2022 ATP Tour Season Starts in Sydney, Australia

Published on December 23rd, 2021
Written By: Ned Wilson

The ATP Tour 2022 gets started in Melbourne, Australia. Short break of the tennis season is almost over and the players are getting ready to head over to Australia in the coming days.

First on schedule for the Australian Open Summer series is the third edition of the ATP Cup which will feature 16 teams spread across four groups. Two singles and one doubles tie between each team in the group will determine the first two teams which will go on to contest the knockout stage with the final planned on January 9th in Melbourne.

The teams qualified based on the singles ATP ranking of their best player, while Australia was awarded a Wild Card entry, giving us the following groups:

Group A: Chile, Norway, Serbia, Spain

Group B: Australia, Bulgaria, Italy, Russia

Group C: Canada, Germany, Great Britain, USA

Group D: Argentina, Greece, Georgia, Poland

The large favorites to win are Russia, who just won a revamped Davis Cup competition with a similar format to the one being played in the ATP Cup. They boast two top 10 players in Medvedev and Rublev, and if those two are on form it will be hard for any team to match up with them.

Teams that look like they could threaten the Russian dominance of this event would have to be Serbia, led by world no. 1 Novak Djokovic and Italy which will boast a strong team featuring last year's Wimbledon finalist and ATP number 7 Matteo Berretini and world number 10 Yannick Sinner.

Other teams that lurk in the background waiting for their chance in the ATP CUP will certainly be the host country Australia which always play well at home and are led by world no. 34 Alex De Minaur and the always dangerous Spain which has a solid line-up led by world no. 19 and 20, Bautista Agut and Carreno Busta, respectively.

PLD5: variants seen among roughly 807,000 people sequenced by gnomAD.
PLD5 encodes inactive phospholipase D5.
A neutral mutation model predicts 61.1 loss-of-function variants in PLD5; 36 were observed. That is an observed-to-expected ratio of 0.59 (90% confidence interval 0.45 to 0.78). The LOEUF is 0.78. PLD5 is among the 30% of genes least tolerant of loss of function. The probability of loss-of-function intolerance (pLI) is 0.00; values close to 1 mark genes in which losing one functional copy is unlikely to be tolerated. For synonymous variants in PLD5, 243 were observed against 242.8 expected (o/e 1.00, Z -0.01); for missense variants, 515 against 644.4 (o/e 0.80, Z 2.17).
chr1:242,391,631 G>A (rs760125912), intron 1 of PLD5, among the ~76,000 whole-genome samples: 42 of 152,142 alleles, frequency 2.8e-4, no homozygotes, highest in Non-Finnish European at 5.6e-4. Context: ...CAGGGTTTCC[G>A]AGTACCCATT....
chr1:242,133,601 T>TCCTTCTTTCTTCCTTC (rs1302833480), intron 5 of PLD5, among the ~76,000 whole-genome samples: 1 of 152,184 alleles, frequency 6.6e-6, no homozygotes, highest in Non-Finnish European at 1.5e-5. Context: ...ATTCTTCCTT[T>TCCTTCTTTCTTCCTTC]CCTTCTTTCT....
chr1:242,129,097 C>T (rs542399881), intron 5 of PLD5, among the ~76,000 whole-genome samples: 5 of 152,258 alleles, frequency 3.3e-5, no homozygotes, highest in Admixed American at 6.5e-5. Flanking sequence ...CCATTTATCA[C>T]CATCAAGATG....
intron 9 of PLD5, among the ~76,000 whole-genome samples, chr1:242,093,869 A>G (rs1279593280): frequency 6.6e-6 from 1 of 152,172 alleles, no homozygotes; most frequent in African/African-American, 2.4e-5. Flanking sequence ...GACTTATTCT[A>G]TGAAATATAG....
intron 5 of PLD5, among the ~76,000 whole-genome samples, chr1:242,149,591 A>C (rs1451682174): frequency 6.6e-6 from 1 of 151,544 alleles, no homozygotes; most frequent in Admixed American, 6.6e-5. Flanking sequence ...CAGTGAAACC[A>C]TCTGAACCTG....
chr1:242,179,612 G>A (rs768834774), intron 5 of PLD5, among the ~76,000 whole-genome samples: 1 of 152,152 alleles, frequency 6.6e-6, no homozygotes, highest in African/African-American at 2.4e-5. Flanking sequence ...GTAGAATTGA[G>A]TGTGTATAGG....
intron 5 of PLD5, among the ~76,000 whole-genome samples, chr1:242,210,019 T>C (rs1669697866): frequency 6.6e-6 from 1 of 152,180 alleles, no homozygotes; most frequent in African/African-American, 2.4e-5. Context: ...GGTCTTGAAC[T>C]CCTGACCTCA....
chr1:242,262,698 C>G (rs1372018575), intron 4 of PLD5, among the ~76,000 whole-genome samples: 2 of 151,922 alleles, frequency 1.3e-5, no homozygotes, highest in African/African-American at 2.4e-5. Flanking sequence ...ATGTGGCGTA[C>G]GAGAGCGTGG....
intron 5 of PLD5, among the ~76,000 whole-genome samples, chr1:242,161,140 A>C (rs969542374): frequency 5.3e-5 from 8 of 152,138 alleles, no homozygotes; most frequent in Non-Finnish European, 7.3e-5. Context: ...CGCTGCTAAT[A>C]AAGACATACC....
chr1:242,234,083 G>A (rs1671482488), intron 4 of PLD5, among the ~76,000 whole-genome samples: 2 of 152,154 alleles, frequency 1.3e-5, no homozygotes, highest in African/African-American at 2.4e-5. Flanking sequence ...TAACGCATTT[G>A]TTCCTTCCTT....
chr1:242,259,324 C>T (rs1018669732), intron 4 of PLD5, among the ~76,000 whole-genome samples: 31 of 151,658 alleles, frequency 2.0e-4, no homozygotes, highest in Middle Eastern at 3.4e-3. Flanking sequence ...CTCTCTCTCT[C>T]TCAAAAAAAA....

Best of the rest is probably team USA led by ATP no. 23 Taylor Fritz and ATP no. 24 John Isner with a strong doubles team of Ram and Krajicek, while their North American neighbors Canada bring a youthful team led by world no. 11 Auger-Aliassime and no. 14 Dennis Shapovalov.

Other big tennis names that will feature in the ATP CUP include world no. 3 Alexander Zverev of Germany and ATP no. 4 Tsitsipas of Greece, but their chances of fighting for the top spots look slim as their supporting cast is not at the level required to fight with the big guns. Greece's second-best ranked player is Pervolarakis, currently ranked at 398 in the ATP ranking while Germany's second best is Struff, ranked just outside the top 50.

What are teams playing for?

The ATP CUP will be a fun event which will give the participants a chance to play several matches before the start of the Australian Open. However, both prize money and ATP points will be awarded giving the players that little extra motivation to showcase their best game.

ATP points will be awarded based on the level of competition reached and the strength of your opponent, so a win in a group stage could bring you a maximum of 75 and a minimum of 20 ATP points. Winning in knockout stages can bring a player a minimum of 25 points while a win in a final against a top 10 ranked opponent can bring you 250 ATP points.

The system is made so that the wins against top ranked players are valued more and vice versa. The most ATP points a player can win is 750 while a player ranked outside of top 300 can win a maximum of 250 ATP points, providing he wins all his matches and his team reaches the final.

Prize Money

There is also money in play, with a total pot of USD 15 million with money awarded for participation fees, match wins and team wins. So, in addition to the ATP points top players stand to earn a maximum of USD 800.000 with a final win for a team top ranked player bringing in a hefty USD 290.000.

Participation fee for the top ranked players ranges between USD 75.000 and USD 200.000 which is the amount that the top 3 ranked players will charge for their appearance alone. Djokovic, Medvedev and Zverev fit that bracket, while all team members stand to profit from the prize money distribution, with the lower ranked players guaranteed to take with them at least USD 7.500 and potential additional prize money should their team record a win.

Some notable absences will involve Spain's Rafael Nadal who tested positive for Covid recently and Dominic Thiem who is recovering from non-Covid related illness.

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